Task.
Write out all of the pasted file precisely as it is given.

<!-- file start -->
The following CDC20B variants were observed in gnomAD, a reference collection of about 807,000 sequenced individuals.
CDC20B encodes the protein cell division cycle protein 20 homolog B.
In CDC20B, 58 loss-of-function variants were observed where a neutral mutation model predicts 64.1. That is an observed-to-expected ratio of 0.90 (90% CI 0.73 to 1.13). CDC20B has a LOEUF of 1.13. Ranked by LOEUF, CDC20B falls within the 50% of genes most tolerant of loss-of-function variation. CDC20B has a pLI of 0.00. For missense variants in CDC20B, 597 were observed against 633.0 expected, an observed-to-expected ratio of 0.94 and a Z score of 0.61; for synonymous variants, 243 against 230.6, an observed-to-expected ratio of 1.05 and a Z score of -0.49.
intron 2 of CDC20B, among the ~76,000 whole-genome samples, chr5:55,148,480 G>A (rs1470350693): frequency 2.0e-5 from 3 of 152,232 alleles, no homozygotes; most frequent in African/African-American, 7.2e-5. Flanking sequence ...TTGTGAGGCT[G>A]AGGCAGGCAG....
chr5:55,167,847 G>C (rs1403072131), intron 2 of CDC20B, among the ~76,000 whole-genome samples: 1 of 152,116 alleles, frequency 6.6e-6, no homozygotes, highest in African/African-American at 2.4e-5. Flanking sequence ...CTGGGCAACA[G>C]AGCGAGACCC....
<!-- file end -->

The following CDC20B variants were observed in gnomAD, a reference collection of about 807,000 sequenced individuals.
CDC20B encodes the protein cell division cycle protein 20 homolog B.
In CDC20B, 58 loss-of-function variants were observed where a neutral mutation model predicts 64.1. That is an observed-to-expected ratio of 0.90 (90% CI 0.73 to 1.13). CDC20B has a LOEUF of 1.13. Ranked by LOEUF, CDC20B falls within the 50% of genes most tolerant of loss-of-function variation. CDC20B has a pLI of 0.00. For missense variants in CDC20B, 597 were observed against 633.0 expected, an observed-to-expected ratio of 0.94 and a Z score of 0.61; for synonymous variants, 243 against 230.6, an observed-to-expected ratio of 1.05 and a Z score of -0.49.
intron 2 of CDC20B, among the ~76,000 whole-genome samples, chr5:55,148,480 G>A (rs1470350693): frequency 2.0e-5 from 3 of 152,232 alleles, no homozygotes; most frequent in African/African-American, 7.2e-5. Flanking sequence ...TTGTGAGGCT[G>A]AGGCAGGCAG....
chr5:55,167,847 G>C (rs1403072131), intron 2 of CDC20B, among the ~76,000 whole-genome samples: 1 of 152,116 alleles, frequency 6.6e-6, no homozygotes, highest in African/African-American at 2.4e-5. Flanking sequence ...CTGGGCAACA[G>C]AGCGAGACCC....